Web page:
For many, Memorial Day will mean an extra day off, a trip to the beach, or maybe a parade. For families of fallen soldiers, it will mean a day of reflection.
As of May 23, there have been 6,459 U.S. casualties from the wars in Iraq and Afghanistan. The Tragedy Assistance Program for Survivors, commonly called TAPS, will be holding its 18th annual National Military Survivor Seminar in Arlington, Va. The seminar began Wednesday and continues through Monday, and has programs for families of survivors, from young to old, including art therapy, yoga and support groups.
Alison Malachowski, whose son Staff Sgt. James M. Malachowski was killed in March 2011 by an improvised explosive device in Afghanistan, planned to attend the event this weekend with her daughter.
Malachowski, of Westminster, said she's interested in the various classes and seminars that deal with the grieving process, especially since everyone grieves differently.
"I think one of the best things that families get out of participating out in the TAPS Military Survivors Seminar is the ability to connect with other families who have experienced a similar loss," TAPS spokeswoman Ami Neiberger-Miller said.
Barbara Van Dahlen, the president and founder of a nonprofit foundation for mental health professionals, founded Give an Hour in 2006 after realizing the mental health field was not prepared enough for the veterans coming back from war.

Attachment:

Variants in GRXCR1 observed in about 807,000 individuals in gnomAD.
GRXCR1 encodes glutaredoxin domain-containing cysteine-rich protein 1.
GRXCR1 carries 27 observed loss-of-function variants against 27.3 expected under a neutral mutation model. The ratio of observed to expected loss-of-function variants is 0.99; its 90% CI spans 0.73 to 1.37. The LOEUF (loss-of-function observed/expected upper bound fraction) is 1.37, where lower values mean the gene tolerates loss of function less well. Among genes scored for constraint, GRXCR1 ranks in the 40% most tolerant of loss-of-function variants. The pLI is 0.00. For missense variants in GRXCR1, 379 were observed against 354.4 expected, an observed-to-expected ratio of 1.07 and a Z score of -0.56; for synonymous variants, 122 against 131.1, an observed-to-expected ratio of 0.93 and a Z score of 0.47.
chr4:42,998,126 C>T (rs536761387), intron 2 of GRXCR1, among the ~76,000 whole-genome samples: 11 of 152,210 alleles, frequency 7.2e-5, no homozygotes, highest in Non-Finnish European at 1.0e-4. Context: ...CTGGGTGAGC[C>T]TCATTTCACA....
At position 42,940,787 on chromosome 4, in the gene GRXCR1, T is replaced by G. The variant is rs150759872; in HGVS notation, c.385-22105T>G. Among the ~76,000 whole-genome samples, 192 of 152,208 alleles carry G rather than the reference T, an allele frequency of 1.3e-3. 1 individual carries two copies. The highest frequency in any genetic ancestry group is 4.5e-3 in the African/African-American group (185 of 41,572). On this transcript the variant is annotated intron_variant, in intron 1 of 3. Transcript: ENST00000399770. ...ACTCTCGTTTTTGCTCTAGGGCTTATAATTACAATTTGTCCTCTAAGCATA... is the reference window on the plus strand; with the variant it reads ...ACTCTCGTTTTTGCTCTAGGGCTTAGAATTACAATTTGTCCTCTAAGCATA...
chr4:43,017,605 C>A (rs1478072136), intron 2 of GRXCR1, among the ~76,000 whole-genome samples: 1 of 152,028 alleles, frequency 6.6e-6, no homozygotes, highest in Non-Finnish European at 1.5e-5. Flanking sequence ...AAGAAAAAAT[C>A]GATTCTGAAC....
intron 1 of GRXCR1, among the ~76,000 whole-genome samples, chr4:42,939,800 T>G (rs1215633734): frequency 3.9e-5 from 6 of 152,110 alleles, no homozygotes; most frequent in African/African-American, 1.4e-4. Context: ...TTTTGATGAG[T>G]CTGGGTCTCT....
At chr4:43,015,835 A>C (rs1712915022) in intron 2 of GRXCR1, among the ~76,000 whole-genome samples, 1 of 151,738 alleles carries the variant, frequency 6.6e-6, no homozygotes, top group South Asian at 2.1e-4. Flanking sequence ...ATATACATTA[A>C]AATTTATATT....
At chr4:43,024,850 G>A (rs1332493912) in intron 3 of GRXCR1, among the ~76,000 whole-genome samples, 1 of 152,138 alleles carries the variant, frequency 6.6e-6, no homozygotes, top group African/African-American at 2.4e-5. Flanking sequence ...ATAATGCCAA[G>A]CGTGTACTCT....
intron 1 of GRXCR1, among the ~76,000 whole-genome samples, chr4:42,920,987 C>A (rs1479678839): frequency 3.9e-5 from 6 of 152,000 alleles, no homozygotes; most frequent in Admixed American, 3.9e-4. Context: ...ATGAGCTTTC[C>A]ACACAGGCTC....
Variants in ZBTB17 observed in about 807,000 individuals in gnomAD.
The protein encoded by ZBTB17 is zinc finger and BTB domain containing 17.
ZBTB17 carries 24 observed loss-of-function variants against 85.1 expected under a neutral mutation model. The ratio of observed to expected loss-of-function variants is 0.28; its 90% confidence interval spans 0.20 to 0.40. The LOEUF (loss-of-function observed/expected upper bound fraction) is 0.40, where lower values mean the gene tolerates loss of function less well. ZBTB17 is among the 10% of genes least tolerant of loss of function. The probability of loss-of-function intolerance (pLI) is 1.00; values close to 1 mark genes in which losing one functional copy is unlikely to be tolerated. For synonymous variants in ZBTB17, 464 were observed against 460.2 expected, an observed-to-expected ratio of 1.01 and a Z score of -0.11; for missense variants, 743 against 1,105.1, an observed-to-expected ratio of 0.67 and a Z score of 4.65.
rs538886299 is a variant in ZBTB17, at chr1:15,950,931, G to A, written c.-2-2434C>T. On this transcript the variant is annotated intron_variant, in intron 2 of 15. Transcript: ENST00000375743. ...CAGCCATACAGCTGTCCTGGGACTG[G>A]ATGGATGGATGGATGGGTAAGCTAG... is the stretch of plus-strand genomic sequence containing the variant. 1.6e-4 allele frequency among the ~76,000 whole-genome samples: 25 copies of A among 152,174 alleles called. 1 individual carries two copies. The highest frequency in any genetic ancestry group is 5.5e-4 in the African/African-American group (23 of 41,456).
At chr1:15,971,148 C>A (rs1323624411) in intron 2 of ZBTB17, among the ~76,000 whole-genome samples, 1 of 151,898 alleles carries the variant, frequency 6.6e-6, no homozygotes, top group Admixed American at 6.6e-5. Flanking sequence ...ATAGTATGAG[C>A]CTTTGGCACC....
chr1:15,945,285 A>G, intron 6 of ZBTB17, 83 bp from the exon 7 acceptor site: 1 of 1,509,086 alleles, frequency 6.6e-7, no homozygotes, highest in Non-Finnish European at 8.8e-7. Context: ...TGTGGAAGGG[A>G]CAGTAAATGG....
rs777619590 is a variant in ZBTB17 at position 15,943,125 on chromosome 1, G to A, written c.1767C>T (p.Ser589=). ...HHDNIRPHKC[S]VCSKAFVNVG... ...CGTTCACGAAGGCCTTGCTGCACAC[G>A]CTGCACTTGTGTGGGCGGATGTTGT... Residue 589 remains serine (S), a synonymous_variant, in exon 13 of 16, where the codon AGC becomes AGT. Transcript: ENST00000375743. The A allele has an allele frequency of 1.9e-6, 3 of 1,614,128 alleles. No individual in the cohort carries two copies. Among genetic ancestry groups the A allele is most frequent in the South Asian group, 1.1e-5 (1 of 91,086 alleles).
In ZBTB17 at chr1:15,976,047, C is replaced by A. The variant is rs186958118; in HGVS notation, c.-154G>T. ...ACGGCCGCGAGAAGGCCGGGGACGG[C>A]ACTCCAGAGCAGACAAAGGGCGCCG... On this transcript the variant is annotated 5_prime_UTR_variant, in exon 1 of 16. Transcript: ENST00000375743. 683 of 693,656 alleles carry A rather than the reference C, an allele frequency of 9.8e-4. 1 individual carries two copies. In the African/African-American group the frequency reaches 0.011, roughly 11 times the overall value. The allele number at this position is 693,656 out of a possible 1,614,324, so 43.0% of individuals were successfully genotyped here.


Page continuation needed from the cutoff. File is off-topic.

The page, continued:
"Because of my training background in mental health, we learned a lot about post traumatic stress syndrome because of the Vietnam veterans. So I thought 'Okay we're going to be in great shape to handle this,'" Van Dahlen said.
The length of the wars and soldiers who face several deployments changed how mental health professionals treat soldiers, veterans and their families, Van Dahlen explained.
Give an Hour donates counseling by mental health professionals for active duty members of the military, veterans, families and their communities. While Give an Hour is based out of Washington, D.C., healthcare professionals donate their time all over the United States. As of November 2011, there have been 46,000 hours of counseling donated to those involved in the military.
Next, Van Dahlen is hoping to educate and inform the communities of those with deployed or fallen soldiers.